When Emperor Anastasius died in 518, Justin was proclaimed the new emperor, with significant help from Justinian.[23] During Justin's reign (518–527), Justinian was the emperor's close confidant. Justinian showed much ambition, and it has been thought that he was functioning as virtual regent long before Justin made him associate emperor on 1 April 527, although there is no conclusive evidence of this.[25] As Justin became senile near the end of his reign, Justinian became the de facto ruler.[23] Justinian was appointed consul in 521 and later commander of the army of the east.[23][26] Upon Justin's death on 1 August 527, Justinian became the sole sovereign.[23]

The Byzantine Empire in 555 AD, under Justinian I

As a ruler, Justinian showed great energy. He was known as "the emperor who never sleeps" on account of his work habits. Nevertheless, he seems to have been amiable and easy to approach.[27] Around 525, he married his mistress, Theodora, in Constantinople. She was by profession a courtesan and some twenty years his junior. In earlier times, Justinian could not have married her owing to her class, but his uncle, Emperor Justin I, had passed a law allowing intermarriage between social classes.[28][29] Theodora would become very influential in the politics of the Empire, and later emperors would follow Justinian's precedent in marrying outside the aristocratic class. The marriage caused a scandal, but Theodora would prove to be a shrewd judge of character and Justinian's greatest supporter. Other talented individuals included Tribonian, his legal adviser; Peter the Patrician, the diplomat and longtime head of the palace bureaucracy; Justinian's finance ministers John the Cappadocian and Peter Barsymes, who managed to collect taxes more efficiently than any before, thereby funding Justinian's wars; and finally, his prodigiously talented generals, Belisarius and Narses.

Justinian's rule was not universally popular; early in his reign he nearly lost his throne during the Nika riots, and a conspiracy against the emperor's life by dissatisfied businessmen was discovered as late as 562.[30] Justinian was struck by the plague in the early 540s but recovered. Theodora died in 548[31] at a relatively young age, possibly of cancer; Justinian outlived her by nearly twenty years. Justinian, who had always had a keen interest in theological matters and actively participated in debates on Christian doctrine,[32] became even more devoted to religion during the later years of his life. When he died on 14 November 565, he left no children, though his wife Theodora had given birth to a stillborn son several years into his reign. He was succeeded by Justin II, who was the son of his sister Vigilantia and married to Sophia, the niece of Empress Theodora. Justinian's body was entombed in a specially built mausoleum in the Church of the Holy Apostles until it was desecrated and robbed during the pillage of the city in 1204 by the Latin States of the Fourth Crusade.[33]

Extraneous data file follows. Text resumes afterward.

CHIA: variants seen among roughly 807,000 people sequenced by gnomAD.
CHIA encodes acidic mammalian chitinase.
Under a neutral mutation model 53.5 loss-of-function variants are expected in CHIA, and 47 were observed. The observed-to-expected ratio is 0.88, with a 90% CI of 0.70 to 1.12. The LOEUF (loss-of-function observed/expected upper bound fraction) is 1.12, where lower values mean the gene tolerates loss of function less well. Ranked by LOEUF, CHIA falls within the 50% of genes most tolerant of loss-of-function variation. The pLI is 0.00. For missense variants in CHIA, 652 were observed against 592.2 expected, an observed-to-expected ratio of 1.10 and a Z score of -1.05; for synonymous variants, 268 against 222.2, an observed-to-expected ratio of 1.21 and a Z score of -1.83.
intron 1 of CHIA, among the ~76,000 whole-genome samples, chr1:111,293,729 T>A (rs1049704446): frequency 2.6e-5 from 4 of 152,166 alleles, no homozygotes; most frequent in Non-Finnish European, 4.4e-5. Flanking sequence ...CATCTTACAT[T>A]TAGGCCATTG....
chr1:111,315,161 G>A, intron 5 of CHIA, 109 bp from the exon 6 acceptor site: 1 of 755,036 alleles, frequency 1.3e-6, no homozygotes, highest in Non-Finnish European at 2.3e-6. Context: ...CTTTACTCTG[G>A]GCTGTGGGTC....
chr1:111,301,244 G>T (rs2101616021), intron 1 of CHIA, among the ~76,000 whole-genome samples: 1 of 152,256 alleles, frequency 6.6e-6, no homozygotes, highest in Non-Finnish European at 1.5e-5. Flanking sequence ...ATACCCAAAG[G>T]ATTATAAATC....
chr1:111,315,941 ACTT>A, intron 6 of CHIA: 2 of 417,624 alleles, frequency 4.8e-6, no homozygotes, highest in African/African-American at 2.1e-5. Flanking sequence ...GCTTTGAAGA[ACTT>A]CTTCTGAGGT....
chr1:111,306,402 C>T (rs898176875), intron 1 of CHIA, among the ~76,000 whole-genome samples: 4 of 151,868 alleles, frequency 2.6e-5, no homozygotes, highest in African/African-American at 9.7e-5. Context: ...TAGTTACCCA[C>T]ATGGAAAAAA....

Other Languages
Alemannisch: Justinian I.
aragonés: Chustinián I
asturianu: Xustinianu I
azərbaycanca: I Yustinian
беларуская: Юстыніян I
беларуская (тарашкевіца)‎: Юстыніян I
български: Юстиниан I
bosanski: Justinijan I
brezhoneg: Justinian Iañ
català: Justinià I
čeština: Justinián I.
Cymraeg: Justinianus I
Deutsch: Justinian I.
español: Justiniano I
français: Justinien
Gaeilge: Justinian I
galego: Xustiniano I
Bahasa Indonesia: Yustinianus I
íslenska: Justinianus 1.
italiano: Giustiniano I
Basa Jawa: Justinianus I
Kabɩyɛ: Justinien
ქართული: იუსტინიანე I
қазақша: І Юстиниан
Kiswahili: Justiniani I
Ladino: Justinianus
latviešu: Justiniāns I
lietuvių: Justinianas I
македонски: Јустинијан I
Malagasy: Justinian I
Bahasa Melayu: Justinian I
မြန်မာဘာသာ: ဂျပ်စတီနီယံ၊ (ပထမ)
Nederlands: Justinianus I
Napulitano: Giustiniano I
occitan: Justinian Ier
português: Justiniano
русский: Юстиниан I
sicilianu: Giustinianu I
Simple English: Justinian I
slovenčina: Justinián I.
slovenščina: Justinijan I.
српски / srpski: Јустинијан I
srpskohrvatski / српскохрватски: Justinijan I. Veliki
svenska: Justinianus I
Tagalog: Justiniano I
Türkçe: I. Justinianus
українська: Юстиніан I
Tiếng Việt: Justinianus I
Winaray: Justinian I